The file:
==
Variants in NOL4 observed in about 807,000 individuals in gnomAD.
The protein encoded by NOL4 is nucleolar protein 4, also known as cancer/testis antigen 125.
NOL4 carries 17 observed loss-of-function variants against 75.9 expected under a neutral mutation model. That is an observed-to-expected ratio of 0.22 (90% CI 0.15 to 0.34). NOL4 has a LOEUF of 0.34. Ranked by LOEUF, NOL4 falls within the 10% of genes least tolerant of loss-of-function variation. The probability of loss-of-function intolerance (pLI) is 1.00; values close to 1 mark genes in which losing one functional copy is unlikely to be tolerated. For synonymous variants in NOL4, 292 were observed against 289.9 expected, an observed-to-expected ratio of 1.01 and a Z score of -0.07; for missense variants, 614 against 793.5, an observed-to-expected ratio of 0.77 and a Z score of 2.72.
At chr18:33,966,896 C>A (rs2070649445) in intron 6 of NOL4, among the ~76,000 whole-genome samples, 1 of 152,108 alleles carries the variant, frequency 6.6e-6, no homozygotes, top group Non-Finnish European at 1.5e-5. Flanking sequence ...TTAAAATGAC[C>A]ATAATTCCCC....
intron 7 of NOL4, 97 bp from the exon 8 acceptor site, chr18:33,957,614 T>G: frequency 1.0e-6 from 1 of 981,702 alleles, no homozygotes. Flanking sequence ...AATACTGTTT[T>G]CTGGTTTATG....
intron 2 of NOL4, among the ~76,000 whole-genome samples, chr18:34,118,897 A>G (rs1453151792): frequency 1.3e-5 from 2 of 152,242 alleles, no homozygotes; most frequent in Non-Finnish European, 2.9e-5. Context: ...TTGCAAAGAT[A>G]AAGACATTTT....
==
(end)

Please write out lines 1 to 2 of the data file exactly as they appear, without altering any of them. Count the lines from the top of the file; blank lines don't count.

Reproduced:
Variants in NOL4 observed in about 807,000 individuals in gnomAD.
The protein encoded by NOL4 is nucleolar protein 4, also known as cancer/testis antigen 125.